Under normal circumstances, we would have known where the Memorial Cup would be played months ago, but here we are towards the end of November still waiting for the announcement.
While nothing is certain for the Ontario Hockey League (OHL), Western Hockey League (WHL), or the Quebec Major Junior Hockey League (QMJHL), not knowing where the Memorial Cup will be played is another element that makes the 2020-21 season for the Canadian Hockey League (CHL) so uncertain.
What Do We Know So Far?
We know quite a bit about the 2021 Memorial Cup. The OHL released their updated return-to-play plan on Oct. 29, 2020, which highlighted the planned start date for the Memorial Cup. Currently, the plan is to have it begin on June 17, 2021.
It is also known that Oshawa and Sault Ste. Marie are the two cities who bid to be the host. This means that either the Oshawa Generals or the Sault Ste. Marie Greyhounds will be granted an automatic berth into the tournament as the host.
We also know that the QMJHL has already begun playing, albeit with issues, but they are back on the ice. The WHL is scheduled to begin on Jan. 8, 2021, while the OHL is planning on kicking things off on Feb. 4, 2020.
All of that being said, the list of things we don’t know is just as long, if not longer. As mentioned, we don’t know where the tournament will be played but there are more things on top of that.
One thing no one can answer right now is how the seasons from the three leagues will play out. If the QMJHL is any indication, it’s going to be difficult. How will the tournament work? Will it be a bubble? We don’t know. But these are things that need to be sorted out.
Why We Need to Know
If you aren’t from Oshawa or Sault Ste. Marie, you might not care where this tournament is hosted. If you do care, this is an announcement that you have been waiting for. Knowing who is going to host is the difference between buying tickets to see your team in the tournament and not caring at all.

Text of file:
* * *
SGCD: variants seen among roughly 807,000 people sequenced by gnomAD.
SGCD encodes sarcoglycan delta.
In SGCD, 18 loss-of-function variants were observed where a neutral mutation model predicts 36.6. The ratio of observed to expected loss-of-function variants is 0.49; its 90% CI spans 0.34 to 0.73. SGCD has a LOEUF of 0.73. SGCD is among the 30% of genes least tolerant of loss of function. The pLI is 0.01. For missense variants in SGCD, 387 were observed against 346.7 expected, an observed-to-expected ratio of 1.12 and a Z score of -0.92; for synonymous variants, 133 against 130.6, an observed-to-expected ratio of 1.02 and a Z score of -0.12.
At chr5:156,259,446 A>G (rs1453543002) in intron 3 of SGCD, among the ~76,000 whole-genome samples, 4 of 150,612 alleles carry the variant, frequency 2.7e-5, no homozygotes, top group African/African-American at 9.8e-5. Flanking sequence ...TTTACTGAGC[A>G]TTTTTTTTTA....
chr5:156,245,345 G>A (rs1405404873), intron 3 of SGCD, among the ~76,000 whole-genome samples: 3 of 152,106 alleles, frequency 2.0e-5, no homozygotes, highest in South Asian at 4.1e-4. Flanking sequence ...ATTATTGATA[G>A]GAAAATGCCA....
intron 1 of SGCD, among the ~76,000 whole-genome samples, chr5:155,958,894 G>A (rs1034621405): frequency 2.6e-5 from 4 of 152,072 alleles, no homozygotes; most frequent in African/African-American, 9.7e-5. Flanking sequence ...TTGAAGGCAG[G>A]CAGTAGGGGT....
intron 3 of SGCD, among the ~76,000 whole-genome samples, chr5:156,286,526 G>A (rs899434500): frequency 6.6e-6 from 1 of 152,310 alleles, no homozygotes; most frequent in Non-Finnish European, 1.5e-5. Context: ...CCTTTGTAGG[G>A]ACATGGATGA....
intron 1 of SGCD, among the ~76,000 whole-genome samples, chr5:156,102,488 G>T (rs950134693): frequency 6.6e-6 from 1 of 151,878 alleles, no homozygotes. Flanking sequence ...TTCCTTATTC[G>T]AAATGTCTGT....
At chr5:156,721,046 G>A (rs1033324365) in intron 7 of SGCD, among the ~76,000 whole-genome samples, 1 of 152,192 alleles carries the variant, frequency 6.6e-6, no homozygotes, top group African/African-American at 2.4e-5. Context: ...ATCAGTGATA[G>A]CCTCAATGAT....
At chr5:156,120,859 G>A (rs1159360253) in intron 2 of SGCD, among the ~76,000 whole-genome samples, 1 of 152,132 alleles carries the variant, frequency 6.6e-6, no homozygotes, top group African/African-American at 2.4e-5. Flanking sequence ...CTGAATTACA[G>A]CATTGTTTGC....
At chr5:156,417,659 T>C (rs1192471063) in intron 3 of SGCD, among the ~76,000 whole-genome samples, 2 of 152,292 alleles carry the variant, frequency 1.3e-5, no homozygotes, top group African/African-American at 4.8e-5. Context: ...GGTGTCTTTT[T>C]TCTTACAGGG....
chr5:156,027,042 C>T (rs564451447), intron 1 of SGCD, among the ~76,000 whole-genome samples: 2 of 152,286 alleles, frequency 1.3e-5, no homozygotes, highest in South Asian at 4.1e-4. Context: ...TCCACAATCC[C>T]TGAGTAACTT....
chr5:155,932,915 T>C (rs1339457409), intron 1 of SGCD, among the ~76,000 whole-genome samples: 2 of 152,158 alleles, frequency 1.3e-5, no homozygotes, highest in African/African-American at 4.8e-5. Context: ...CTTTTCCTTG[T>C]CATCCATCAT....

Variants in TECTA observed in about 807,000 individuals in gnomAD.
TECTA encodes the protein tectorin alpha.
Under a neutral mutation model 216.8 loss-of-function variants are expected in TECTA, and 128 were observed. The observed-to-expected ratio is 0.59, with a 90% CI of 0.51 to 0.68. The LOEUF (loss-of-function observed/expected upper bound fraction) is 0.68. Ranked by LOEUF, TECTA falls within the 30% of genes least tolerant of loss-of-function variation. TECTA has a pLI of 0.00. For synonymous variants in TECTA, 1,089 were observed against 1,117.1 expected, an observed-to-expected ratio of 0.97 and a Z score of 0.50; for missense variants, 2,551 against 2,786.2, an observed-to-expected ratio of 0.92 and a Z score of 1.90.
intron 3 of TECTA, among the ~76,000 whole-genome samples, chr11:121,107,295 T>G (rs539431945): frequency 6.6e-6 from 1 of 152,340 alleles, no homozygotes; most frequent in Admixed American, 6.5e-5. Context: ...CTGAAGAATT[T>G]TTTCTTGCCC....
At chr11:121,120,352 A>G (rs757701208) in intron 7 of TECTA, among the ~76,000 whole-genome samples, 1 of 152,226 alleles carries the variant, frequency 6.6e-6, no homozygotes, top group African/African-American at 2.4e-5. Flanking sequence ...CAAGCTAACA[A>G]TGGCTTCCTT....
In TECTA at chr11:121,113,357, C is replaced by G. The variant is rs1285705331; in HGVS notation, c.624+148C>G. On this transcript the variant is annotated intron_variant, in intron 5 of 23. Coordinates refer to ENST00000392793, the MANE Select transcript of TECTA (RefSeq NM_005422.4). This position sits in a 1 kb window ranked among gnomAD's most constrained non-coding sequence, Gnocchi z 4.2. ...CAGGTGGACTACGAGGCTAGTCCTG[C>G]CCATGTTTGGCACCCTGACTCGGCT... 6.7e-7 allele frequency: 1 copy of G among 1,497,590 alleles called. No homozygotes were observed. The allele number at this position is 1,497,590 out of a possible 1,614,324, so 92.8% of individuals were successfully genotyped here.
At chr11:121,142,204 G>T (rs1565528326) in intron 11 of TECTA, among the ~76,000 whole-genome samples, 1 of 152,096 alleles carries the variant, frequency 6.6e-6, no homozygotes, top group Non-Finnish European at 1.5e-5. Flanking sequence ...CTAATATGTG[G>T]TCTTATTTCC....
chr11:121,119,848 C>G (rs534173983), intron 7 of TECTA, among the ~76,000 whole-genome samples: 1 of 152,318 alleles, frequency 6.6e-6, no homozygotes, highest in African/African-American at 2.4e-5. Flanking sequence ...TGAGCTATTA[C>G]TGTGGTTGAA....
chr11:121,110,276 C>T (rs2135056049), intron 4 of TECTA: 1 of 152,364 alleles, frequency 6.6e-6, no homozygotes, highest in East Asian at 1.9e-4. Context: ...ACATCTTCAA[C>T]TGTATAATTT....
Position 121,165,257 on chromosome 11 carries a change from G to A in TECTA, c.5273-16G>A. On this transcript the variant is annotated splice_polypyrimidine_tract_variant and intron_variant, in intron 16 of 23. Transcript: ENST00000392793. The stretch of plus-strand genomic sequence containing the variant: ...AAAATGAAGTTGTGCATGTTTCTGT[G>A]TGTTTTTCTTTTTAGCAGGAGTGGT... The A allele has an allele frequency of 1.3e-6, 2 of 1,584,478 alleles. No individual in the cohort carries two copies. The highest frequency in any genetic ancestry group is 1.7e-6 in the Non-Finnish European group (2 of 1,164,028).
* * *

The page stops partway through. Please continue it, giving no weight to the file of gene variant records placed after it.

But the big need to know is for the city who does host the tournament. Waiting too long could limit what is able to be done to prepare. Although both clubs have done everything they think that they need to do to be able to host the tournament, things could pop up.
Should there be a need to form a bubble, the host city will need time to prepare. If tickets can be sold, there needs to be time to prepare. Waiting until the last second to make this call isn’t an option.
There is also the issue of the team on the ice. It could be the difference between making a big trade to send that young player and a handful of draft picks away for a player who will only be around for one season.
At the end of the day, it’s better to know than not to know. Awarding the Memorial Cup as soon as possible doesn’t hurt anything. If you need to move it somewhere else at the last second, so be it. But having some plan in place would be helpful.
Who Should Host?
Here’s where things get a little interesting. Picking who should host the Memorial Cup depends on many factors, but potentially the most important is COVID-19.
When you boil everything down, Sault Ste. Marie is likely the best option. It offers somewhere where the daily COVID-19 cases are far fewer than what has been seen in Oshawa. It is also more distanced from the areas hit hardest that are mostly in the greater Toronto area and Ottawa.
I have been on the Sault Ste. Marie train for quite some time after the pandemic began. Originally, I thought Oshawa would be the better option, but the Soo now offers the better package overall.
Come June, this whole COVID-19 pandemic could be a thing of the past and might matter very little, but for now, the CHL needs to keep being cautious, take it into consideration, but they still need to pick a host city as soon as possible.